This Time It’s Different

You’re my third and last baby and you’re starting Kindergarten tomorrow.

I’ve been through this before with your big sister, Lilliana…

And then your big brother, Landon…

But this’s different.

First of all, there really wasn’t any of the usual preparation.

I didn’t take you school supply shopping. You had no interest in picking out a backpack or new lunchbox.

You didn’t care what your outfit was going to be the first day of school.

There was no discussions or excitement about making friends, riding a bus for the first time, or meeting a new teacher.

In some ways I’m in awe of that.

I wonder what it must be like to not have those cares about anything or anyone.

Opinions of others don’t matter to you, at least not yet. You’re still kinda in your own world.

I guess I’m happy you at least feel safe there.

The only thing I did was order you new red shoes so you would be “Rocking in Your School Shoes” like Pete the of your favorites.

But you didn’t ask me to.

I just wanted you to have something.

Some sort of special thing or memory from your first day.

Second, I’m certain you don’t even realize you’re going, although we’ve talked about it for a month.

When I talk about school, you might think about your old school, classroom, and your beloved preschool teacher, Mrs. Peck. Perhaps you think you might see the only friend you ever made, Kate there.

Instead, tomorrow your little world will be turned upside down when you start a new school, with a new teacher, and new students.

This school is so big with so many new things to explore..which sounds exciting but for your Mama, it’s terrifying.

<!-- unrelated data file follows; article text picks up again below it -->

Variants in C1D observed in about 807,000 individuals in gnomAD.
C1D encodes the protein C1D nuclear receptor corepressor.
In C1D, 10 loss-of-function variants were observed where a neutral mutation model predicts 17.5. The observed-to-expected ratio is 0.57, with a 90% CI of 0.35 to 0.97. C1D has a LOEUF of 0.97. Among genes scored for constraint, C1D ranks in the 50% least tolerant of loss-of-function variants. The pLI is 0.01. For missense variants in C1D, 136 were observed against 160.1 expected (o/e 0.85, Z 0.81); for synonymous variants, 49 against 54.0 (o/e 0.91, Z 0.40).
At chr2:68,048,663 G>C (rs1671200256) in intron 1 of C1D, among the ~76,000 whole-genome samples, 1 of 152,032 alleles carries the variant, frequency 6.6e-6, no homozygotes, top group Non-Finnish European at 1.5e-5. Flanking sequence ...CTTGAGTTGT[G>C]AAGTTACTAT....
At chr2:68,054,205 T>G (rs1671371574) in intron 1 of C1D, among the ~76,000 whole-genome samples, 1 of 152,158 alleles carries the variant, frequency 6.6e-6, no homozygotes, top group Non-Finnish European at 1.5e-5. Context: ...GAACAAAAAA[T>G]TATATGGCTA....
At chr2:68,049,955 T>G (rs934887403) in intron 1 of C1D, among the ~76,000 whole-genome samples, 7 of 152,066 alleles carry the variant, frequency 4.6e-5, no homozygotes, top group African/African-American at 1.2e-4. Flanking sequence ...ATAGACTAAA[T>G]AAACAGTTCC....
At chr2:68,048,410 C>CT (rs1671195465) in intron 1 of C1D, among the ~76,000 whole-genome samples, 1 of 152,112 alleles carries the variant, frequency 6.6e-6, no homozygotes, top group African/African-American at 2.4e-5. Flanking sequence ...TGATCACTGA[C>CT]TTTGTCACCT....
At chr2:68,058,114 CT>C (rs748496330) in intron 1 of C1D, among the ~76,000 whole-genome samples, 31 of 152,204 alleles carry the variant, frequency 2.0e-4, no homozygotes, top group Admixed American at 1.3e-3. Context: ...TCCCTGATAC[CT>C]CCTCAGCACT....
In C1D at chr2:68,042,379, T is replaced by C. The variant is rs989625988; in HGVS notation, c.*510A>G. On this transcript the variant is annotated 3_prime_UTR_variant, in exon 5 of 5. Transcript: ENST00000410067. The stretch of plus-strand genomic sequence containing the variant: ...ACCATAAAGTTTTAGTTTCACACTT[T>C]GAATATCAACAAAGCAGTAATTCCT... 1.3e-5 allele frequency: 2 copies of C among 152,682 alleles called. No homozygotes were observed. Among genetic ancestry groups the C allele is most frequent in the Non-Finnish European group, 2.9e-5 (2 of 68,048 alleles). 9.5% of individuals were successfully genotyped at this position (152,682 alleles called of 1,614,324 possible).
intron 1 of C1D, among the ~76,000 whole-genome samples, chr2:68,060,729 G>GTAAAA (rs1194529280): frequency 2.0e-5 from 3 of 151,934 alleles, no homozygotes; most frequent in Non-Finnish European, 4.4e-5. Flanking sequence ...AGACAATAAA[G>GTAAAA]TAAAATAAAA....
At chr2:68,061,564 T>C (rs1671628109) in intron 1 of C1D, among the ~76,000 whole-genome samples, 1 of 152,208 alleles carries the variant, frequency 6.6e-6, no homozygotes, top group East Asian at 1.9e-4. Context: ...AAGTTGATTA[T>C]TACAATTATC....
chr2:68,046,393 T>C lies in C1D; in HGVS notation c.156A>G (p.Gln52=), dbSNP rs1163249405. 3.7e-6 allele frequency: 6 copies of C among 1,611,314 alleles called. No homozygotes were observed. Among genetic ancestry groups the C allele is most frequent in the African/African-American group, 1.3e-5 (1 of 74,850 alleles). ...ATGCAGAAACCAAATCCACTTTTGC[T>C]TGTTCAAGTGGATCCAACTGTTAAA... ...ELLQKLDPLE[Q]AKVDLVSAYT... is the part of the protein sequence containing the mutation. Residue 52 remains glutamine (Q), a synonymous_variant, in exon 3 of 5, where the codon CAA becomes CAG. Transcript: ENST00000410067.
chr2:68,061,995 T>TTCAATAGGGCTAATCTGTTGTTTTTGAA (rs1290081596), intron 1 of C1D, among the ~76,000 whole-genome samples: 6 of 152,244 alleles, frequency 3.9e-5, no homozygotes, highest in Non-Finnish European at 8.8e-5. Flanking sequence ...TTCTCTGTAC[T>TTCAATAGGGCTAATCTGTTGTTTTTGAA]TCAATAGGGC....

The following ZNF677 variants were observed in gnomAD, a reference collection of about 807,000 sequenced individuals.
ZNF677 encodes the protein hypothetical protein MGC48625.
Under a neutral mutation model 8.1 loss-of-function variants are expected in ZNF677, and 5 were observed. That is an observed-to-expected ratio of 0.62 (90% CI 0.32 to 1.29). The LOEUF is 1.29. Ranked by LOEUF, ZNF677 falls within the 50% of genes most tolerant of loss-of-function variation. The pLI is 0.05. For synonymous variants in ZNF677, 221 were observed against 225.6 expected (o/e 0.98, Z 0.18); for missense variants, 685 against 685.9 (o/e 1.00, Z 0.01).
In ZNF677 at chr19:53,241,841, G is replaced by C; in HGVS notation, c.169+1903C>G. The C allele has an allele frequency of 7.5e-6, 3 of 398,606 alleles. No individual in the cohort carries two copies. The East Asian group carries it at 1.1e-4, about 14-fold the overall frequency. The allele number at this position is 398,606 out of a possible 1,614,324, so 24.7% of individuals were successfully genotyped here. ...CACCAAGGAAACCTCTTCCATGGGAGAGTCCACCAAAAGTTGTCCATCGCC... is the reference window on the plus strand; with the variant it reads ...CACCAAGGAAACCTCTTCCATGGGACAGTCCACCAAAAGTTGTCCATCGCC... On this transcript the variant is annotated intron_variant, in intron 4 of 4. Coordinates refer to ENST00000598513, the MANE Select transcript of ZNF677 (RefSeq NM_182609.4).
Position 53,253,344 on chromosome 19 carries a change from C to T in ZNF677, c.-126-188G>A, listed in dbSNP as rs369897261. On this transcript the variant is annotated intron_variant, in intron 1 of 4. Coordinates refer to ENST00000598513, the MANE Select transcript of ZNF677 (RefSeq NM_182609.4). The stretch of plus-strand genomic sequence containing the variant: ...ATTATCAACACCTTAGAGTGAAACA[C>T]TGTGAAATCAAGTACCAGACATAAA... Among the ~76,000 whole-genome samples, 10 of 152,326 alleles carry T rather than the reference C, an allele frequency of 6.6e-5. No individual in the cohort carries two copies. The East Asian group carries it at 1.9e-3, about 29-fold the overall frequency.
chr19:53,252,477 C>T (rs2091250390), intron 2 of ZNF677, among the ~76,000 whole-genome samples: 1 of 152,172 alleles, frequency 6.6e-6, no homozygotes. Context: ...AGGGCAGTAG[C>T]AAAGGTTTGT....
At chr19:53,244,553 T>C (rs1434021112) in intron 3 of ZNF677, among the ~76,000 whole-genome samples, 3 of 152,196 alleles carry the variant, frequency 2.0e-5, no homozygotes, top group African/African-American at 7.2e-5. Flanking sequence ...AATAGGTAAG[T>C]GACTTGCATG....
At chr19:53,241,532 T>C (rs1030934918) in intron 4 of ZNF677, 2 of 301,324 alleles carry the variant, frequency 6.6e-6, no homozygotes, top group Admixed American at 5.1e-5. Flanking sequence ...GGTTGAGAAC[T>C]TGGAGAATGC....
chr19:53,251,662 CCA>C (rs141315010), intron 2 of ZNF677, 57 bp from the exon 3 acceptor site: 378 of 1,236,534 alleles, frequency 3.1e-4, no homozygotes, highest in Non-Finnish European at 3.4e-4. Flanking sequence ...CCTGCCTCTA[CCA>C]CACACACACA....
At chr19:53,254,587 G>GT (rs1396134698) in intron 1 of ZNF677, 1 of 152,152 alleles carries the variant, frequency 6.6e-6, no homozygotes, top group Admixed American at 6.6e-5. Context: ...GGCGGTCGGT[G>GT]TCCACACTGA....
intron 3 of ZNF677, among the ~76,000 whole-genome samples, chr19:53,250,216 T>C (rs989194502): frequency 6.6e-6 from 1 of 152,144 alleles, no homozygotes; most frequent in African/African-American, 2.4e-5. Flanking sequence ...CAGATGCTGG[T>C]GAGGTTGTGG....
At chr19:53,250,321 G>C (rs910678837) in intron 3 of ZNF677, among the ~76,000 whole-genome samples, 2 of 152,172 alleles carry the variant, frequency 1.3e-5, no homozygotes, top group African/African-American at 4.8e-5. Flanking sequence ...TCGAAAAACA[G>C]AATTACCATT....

Most parents only worry about the drop off, will they cry? How hard will it be to leave? Will they make friends? Will their teacher be kind?

Not in our world kiddo.

This time around I have all these new worries.

Really frightening ones..

Ones that keep me awake or give me nightmares at night.

Because since you were lost your voice…you literally went silent.

You regressed right before our eyes.

Because you have severe Autism.

You couldn’t communicate at couldn’t even point.

Since then we have done everything in our power to help you, to get your voice back, to teach you how to tell us what you need, what you want or don’t, and if you’re hurt and where.

But we’ve only been able to get so far, my sweet boy.

So, when I send you off into that new big world with a campus as large as an entire park, unlocked classroom doors, and new strangers to take care of you, my PTSD is at an all time high.

Because I don’t think you could tell me if they were mean to you. If someone hurt you, or worse, sexually abused you.

I’m not there to chase after you or find you if you try to elope out of the school…and I know how smart and fast you are. I’m now researching GPS devices.

If you get hurt or sick, will they know? Would you be able to tell them in any way? Could you point to where it hurts? If you’re bleeding will you let them touch you?

Will you go to the bathroom on a regular basis? Or will you be too scared of the overhead fans and flushing toilets?

Will you hurt anyone else?

Will I get phone calls and notes that you injured a teacher by dislocating their jaw too, or will you push or head butt a student?

Will they know when you’re overstimulated? Will they know how to help you?

Will they give you squeezes with bean bags or let you have time in the sensory room? Will they know that sometimes you just need a tight space to find or deep pressure to calm you down?

I can no longer watch how they teach you or what you’re learning and how you are responding, like I did for the past few years when your ABA therapists taught me what to do in our own home.

I can’t be there to show them how amazing and capable you are. If they read your IEP they will focus on what you can’t do..they may not know your strengths.

I want them to know how smart you are.

How you can read and write and that you can even comprehend what you’re reading now. I want them to push you and use those skills to fly as high as you can go.

I hope they see how funny you are. That you have a sense of humor. That you’re silly and actually like to joke around.

I wonder if you’ll show them your different facial expressions as you try to navigate what they look like, try to imitate them and understand emotions.